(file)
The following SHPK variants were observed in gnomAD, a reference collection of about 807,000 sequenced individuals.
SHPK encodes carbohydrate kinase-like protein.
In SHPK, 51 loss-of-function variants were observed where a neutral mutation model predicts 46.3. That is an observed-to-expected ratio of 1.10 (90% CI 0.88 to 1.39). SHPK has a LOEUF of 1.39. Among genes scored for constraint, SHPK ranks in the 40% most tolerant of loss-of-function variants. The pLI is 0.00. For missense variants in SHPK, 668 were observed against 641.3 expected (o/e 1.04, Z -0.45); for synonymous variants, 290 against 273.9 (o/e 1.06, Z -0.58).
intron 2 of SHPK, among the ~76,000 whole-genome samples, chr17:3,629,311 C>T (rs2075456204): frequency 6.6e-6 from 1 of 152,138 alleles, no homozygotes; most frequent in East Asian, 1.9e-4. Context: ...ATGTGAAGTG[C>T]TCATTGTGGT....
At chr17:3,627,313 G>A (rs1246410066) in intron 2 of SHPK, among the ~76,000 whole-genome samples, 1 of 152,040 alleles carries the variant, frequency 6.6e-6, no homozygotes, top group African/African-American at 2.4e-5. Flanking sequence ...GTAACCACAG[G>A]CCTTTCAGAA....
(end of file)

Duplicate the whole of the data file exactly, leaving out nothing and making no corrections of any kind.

The following SHPK variants were observed in gnomAD, a reference collection of about 807,000 sequenced individuals.
SHPK encodes carbohydrate kinase-like protein.
In SHPK, 51 loss-of-function variants were observed where a neutral mutation model predicts 46.3. That is an observed-to-expected ratio of 1.10 (90% CI 0.88 to 1.39). SHPK has a LOEUF of 1.39. Among genes scored for constraint, SHPK ranks in the 40% most tolerant of loss-of-function variants. The pLI is 0.00. For missense variants in SHPK, 668 were observed against 641.3 expected (o/e 1.04, Z -0.45); for synonymous variants, 290 against 273.9 (o/e 1.06, Z -0.58).
intron 2 of SHPK, among the ~76,000 whole-genome samples, chr17:3,629,311 C>T (rs2075456204): frequency 6.6e-6 from 1 of 152,138 alleles, no homozygotes; most frequent in East Asian, 1.9e-4. Context: ...ATGTGAAGTG[C>T]TCATTGTGGT....
At chr17:3,627,313 G>A (rs1246410066) in intron 2 of SHPK, among the ~76,000 whole-genome samples, 1 of 152,040 alleles carries the variant, frequency 6.6e-6, no homozygotes, top group African/African-American at 2.4e-5. Flanking sequence ...GTAACCACAG[G>A]CCTTTCAGAA....